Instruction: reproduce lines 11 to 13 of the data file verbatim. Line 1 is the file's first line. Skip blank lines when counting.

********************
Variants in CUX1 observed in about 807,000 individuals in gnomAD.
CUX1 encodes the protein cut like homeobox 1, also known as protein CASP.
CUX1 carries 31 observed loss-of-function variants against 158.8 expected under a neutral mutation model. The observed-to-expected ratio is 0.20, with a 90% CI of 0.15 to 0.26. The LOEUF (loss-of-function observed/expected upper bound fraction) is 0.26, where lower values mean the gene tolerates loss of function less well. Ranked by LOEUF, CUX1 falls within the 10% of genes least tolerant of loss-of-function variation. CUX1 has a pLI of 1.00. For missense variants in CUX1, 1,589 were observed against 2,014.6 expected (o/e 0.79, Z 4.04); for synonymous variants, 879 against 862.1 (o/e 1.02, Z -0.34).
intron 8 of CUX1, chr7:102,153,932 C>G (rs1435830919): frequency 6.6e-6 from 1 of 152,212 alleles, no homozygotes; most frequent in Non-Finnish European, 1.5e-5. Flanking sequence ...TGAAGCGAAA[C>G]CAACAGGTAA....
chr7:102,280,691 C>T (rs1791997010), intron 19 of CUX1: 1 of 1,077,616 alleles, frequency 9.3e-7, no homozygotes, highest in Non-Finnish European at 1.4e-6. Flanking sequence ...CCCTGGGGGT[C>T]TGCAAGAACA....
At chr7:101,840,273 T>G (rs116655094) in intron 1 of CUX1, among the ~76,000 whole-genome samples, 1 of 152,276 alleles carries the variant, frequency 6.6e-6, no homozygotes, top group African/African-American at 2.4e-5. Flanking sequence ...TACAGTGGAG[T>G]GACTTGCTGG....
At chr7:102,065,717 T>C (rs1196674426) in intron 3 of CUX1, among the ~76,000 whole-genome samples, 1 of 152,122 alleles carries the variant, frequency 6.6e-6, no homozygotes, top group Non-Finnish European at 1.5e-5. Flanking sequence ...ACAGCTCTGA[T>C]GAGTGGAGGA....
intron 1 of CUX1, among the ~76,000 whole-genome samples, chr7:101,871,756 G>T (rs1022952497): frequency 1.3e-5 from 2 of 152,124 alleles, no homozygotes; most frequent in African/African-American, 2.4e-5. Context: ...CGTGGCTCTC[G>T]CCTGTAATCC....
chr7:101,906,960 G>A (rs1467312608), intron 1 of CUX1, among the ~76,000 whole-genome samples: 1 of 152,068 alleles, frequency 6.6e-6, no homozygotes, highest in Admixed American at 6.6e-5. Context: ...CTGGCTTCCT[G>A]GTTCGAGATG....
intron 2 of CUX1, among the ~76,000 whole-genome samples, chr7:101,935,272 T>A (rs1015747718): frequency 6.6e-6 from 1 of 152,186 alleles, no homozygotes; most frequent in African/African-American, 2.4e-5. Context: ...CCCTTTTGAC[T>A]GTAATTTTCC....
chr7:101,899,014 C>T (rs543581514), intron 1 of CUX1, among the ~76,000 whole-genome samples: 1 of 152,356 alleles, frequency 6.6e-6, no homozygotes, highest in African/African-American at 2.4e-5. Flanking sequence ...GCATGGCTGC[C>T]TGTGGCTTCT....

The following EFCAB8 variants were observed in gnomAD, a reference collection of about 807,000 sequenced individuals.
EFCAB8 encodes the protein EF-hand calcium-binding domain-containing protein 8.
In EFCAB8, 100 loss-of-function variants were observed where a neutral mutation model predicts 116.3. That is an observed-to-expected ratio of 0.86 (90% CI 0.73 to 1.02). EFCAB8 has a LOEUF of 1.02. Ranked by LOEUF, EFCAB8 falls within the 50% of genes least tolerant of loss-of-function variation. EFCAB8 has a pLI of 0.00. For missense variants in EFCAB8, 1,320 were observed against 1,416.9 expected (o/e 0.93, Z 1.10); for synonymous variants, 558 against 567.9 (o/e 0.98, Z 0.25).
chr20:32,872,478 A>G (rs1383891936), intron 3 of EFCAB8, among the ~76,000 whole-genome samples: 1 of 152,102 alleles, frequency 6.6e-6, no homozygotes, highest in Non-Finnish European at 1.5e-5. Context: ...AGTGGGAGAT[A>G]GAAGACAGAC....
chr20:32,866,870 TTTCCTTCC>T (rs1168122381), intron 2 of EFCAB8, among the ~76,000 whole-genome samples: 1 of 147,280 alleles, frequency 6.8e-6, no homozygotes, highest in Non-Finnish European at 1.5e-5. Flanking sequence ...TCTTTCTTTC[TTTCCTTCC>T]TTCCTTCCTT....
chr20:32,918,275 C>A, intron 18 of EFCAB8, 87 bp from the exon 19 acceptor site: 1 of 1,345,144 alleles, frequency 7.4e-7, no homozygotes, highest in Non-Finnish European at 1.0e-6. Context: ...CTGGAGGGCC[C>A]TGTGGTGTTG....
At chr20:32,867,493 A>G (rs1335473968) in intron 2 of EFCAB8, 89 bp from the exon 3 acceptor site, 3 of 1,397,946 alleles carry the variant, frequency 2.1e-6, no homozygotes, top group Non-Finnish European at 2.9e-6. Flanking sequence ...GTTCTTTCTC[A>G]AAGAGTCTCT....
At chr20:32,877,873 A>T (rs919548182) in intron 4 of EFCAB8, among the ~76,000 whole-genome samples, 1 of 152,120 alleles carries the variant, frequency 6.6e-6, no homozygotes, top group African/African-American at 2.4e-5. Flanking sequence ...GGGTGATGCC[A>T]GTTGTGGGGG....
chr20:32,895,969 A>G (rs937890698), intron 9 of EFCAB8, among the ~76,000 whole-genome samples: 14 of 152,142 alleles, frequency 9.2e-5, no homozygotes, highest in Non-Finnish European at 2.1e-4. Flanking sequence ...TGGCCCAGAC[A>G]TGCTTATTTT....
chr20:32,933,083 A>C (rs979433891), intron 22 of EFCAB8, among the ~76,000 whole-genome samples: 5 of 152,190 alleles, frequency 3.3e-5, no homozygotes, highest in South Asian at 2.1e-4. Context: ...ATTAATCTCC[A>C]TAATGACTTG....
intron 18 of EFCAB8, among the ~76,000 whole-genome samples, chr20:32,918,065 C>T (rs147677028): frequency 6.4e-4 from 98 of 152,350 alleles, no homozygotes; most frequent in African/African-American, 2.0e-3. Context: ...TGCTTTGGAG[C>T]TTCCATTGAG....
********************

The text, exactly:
chr7:101,899,014 C>T (rs543581514), intron 1 of CUX1, among the ~76,000 whole-genome samples: 1 of 152,356 alleles, frequency 6.6e-6, no homozygotes, highest in African/African-American at 2.4e-5. Flanking sequence ...GCATGGCTGC[C>T]TGTGGCTTCT....

The following EFCAB8 variants were observed in gnomAD, a reference collection of about 807,000 sequenced individuals.
EFCAB8 encodes the protein EF-hand calcium-binding domain-containing protein 8.